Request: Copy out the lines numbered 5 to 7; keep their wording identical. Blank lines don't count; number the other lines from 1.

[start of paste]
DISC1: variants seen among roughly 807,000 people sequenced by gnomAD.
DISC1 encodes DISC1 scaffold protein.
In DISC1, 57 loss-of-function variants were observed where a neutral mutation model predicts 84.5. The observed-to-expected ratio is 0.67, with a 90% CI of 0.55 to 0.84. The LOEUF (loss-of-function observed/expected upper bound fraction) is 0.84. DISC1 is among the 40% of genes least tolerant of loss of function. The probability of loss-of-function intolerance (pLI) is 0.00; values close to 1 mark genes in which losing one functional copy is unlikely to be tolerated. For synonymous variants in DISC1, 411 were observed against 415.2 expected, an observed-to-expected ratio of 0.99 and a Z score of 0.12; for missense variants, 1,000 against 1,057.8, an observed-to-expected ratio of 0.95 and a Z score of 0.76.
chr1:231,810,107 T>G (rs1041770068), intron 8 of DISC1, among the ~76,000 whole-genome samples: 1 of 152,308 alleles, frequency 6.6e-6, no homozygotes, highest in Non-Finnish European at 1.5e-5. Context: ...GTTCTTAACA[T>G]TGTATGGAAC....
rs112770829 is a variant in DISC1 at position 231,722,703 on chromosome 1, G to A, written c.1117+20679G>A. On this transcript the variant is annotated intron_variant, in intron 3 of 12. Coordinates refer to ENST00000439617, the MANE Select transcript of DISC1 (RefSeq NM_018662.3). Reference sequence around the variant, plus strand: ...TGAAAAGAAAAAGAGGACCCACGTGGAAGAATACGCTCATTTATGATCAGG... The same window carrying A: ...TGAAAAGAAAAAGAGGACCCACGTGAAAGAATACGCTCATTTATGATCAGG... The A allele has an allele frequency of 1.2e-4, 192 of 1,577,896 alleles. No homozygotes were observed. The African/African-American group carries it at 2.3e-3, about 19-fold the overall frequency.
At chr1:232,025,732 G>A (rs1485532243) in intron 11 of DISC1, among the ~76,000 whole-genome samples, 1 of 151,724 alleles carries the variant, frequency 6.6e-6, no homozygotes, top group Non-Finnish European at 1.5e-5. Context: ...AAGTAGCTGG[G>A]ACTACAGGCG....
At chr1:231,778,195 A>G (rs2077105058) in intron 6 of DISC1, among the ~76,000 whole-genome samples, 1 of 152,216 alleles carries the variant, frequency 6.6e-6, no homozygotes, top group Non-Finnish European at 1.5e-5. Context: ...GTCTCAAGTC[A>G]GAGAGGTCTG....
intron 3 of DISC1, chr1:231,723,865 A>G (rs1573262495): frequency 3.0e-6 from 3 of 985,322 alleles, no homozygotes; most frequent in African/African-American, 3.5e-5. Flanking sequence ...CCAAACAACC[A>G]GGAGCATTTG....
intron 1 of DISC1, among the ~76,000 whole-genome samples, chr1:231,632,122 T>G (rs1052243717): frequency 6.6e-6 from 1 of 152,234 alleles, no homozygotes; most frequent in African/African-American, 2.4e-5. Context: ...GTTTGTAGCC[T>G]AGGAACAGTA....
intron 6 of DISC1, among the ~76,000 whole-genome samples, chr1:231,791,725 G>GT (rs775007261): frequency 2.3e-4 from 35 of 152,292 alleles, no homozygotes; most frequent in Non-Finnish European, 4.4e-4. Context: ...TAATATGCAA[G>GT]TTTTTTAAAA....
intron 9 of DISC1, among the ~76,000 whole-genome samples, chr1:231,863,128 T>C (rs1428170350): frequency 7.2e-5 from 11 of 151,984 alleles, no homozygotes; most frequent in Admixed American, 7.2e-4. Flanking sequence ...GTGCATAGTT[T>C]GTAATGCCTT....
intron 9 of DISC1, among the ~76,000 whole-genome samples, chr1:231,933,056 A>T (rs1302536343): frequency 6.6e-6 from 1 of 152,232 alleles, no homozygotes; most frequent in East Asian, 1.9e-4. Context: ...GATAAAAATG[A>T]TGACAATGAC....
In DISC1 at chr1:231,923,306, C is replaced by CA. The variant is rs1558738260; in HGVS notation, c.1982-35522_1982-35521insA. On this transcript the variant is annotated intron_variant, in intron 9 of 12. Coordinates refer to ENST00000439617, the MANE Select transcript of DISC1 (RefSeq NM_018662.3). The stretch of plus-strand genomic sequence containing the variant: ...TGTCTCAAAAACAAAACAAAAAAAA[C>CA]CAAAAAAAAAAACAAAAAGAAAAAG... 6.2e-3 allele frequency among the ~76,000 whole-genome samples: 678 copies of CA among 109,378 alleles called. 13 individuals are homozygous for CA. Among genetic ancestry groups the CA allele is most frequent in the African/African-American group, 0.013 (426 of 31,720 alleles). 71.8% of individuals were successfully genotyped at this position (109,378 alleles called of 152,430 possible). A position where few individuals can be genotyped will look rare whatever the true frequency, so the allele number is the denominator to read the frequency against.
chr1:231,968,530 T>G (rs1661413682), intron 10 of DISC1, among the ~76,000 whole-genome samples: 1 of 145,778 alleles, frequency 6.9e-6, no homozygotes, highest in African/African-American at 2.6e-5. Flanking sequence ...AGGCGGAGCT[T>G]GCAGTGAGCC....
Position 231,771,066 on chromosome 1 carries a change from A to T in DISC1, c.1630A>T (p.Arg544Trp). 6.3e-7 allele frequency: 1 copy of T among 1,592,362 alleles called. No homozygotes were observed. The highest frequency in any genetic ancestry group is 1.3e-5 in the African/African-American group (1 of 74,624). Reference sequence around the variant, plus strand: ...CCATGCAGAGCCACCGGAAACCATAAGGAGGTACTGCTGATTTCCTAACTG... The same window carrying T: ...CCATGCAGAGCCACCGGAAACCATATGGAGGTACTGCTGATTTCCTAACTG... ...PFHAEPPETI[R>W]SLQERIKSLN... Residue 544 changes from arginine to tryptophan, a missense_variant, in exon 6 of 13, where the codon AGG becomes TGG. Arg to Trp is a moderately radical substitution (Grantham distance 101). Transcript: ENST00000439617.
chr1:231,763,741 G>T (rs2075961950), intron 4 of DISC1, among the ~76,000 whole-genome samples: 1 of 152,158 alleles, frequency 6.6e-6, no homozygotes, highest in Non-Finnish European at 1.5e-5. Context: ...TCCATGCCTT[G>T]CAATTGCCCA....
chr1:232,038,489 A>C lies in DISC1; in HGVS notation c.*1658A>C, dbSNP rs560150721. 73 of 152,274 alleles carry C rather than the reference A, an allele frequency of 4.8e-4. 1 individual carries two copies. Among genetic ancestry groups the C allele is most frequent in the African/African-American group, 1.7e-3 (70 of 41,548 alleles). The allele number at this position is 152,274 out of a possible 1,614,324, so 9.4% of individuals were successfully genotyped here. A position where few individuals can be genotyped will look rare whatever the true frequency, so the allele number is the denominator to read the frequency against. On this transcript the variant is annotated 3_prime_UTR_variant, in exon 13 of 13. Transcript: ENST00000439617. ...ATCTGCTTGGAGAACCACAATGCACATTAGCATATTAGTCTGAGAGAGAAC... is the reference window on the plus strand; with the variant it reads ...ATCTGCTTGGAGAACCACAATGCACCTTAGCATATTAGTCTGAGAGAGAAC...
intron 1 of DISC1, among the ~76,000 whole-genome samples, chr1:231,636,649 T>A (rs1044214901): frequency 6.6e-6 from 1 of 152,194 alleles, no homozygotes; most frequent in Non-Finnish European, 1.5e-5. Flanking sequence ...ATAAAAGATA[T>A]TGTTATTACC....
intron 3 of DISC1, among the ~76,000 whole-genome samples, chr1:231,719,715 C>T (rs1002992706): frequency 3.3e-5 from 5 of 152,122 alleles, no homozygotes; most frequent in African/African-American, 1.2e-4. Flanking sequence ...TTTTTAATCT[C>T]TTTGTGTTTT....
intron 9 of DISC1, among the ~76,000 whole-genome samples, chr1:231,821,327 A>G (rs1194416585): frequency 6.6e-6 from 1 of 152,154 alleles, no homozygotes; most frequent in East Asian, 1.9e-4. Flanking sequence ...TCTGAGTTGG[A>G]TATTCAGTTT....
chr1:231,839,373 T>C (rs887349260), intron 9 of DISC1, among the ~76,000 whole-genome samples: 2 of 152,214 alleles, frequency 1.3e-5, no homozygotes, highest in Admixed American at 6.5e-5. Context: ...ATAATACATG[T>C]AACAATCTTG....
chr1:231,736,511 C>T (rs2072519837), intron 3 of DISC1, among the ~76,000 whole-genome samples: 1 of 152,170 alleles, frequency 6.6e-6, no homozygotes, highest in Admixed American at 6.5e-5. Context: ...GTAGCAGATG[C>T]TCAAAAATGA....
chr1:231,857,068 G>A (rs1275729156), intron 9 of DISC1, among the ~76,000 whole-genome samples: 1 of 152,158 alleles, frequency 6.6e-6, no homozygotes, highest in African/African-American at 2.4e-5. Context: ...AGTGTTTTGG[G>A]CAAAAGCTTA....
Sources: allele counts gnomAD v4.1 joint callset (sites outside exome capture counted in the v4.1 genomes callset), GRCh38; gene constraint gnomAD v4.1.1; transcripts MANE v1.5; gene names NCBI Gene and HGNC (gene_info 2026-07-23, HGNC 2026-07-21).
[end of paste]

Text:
rs112770829 is a variant in DISC1 at position 231,722,703 on chromosome 1, G to A, written c.1117+20679G>A. On this transcript the variant is annotated intron_variant, in intron 3 of 12. Coordinates refer to ENST00000439617, the MANE Select transcript of DISC1 (RefSeq NM_018662.3). Reference sequence around the variant, plus strand: ...TGAAAAGAAAAAGAGGACCCACGTGGAAGAATACGCTCATTTATGATCAGG... The same window carrying A: ...TGAAAAGAAAAAGAGGACCCACGTGAAAGAATACGCTCATTTATGATCAGG... The A allele has an allele frequency of 1.2e-4, 192 of 1,577,896 alleles. No homozygotes were observed. The African/African-American group carries it at 2.3e-3, about 19-fold the overall frequency.
At chr1:232,025,732 G>A (rs1485532243) in intron 11 of DISC1, among the ~76,000 whole-genome samples, 1 of 151,724 alleles carries the variant, frequency 6.6e-6, no homozygotes, top group Non-Finnish European at 1.5e-5. Context: ...AAGTAGCTGG[G>A]ACTACAGGCG....
At chr1:231,778,195 A>G (rs2077105058) in intron 6 of DISC1, among the ~76,000 whole-genome samples, 1 of 152,216 alleles carries the variant, frequency 6.6e-6, no homozygotes, top group Non-Finnish European at 1.5e-5. Context: ...GTCTCAAGTC[A>G]GAGAGGTCTG....